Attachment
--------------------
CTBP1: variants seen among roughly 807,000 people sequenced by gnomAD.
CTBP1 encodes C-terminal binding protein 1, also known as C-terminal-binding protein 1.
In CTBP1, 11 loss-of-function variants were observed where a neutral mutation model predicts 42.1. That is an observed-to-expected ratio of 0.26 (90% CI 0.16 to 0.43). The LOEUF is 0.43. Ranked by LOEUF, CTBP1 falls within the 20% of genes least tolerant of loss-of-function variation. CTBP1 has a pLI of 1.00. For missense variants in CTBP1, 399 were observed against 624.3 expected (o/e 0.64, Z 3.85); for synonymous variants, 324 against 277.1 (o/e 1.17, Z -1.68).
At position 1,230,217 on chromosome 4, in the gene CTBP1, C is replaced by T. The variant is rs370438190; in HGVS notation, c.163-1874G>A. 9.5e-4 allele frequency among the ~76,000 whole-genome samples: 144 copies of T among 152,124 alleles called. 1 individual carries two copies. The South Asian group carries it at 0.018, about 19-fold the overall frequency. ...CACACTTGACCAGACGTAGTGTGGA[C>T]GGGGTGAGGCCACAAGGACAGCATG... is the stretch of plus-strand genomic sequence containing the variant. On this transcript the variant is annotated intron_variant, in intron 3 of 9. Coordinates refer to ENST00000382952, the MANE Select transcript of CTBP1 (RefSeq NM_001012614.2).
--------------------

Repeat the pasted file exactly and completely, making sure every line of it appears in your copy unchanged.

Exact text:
CTBP1: variants seen among roughly 807,000 people sequenced by gnomAD.
CTBP1 encodes C-terminal binding protein 1, also known as C-terminal-binding protein 1.
In CTBP1, 11 loss-of-function variants were observed where a neutral mutation model predicts 42.1. That is an observed-to-expected ratio of 0.26 (90% CI 0.16 to 0.43). The LOEUF is 0.43. Ranked by LOEUF, CTBP1 falls within the 20% of genes least tolerant of loss-of-function variation. CTBP1 has a pLI of 1.00. For missense variants in CTBP1, 399 were observed against 624.3 expected (o/e 0.64, Z 3.85); for synonymous variants, 324 against 277.1 (o/e 1.17, Z -1.68).
At position 1,230,217 on chromosome 4, in the gene CTBP1, C is replaced by T. The variant is rs370438190; in HGVS notation, c.163-1874G>A. 9.5e-4 allele frequency among the ~76,000 whole-genome samples: 144 copies of T among 152,124 alleles called. 1 individual carries two copies. The South Asian group carries it at 0.018, about 19-fold the overall frequency. ...CACACTTGACCAGACGTAGTGTGGA[C>T]GGGGTGAGGCCACAAGGACAGCATG... is the stretch of plus-strand genomic sequence containing the variant. On this transcript the variant is annotated intron_variant, in intron 3 of 9. Coordinates refer to ENST00000382952, the MANE Select transcript of CTBP1 (RefSeq NM_001012614.2).